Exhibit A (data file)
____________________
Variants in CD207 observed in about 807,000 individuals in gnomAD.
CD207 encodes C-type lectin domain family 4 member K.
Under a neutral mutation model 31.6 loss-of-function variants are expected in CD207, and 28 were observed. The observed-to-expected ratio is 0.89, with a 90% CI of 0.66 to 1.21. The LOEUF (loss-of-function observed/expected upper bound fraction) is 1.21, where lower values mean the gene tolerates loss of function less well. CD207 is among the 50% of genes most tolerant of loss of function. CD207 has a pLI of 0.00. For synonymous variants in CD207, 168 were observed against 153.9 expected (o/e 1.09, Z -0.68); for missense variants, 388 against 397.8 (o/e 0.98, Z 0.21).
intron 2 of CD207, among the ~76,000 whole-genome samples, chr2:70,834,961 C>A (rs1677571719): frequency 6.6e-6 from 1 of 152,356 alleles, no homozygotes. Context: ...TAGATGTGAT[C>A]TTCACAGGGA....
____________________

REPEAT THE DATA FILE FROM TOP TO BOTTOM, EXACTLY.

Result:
Variants in CD207 observed in about 807,000 individuals in gnomAD.
CD207 encodes C-type lectin domain family 4 member K.
Under a neutral mutation model 31.6 loss-of-function variants are expected in CD207, and 28 were observed. The observed-to-expected ratio is 0.89, with a 90% CI of 0.66 to 1.21. The LOEUF (loss-of-function observed/expected upper bound fraction) is 1.21, where lower values mean the gene tolerates loss of function less well. CD207 is among the 50% of genes most tolerant of loss of function. CD207 has a pLI of 0.00. For synonymous variants in CD207, 168 were observed against 153.9 expected (o/e 1.09, Z -0.68); for missense variants, 388 against 397.8 (o/e 0.98, Z 0.21).
intron 2 of CD207, among the ~76,000 whole-genome samples, chr2:70,834,961 C>A (rs1677571719): frequency 6.6e-6 from 1 of 152,356 alleles, no homozygotes. Context: ...TAGATGTGAT[C>A]TTCACAGGGA....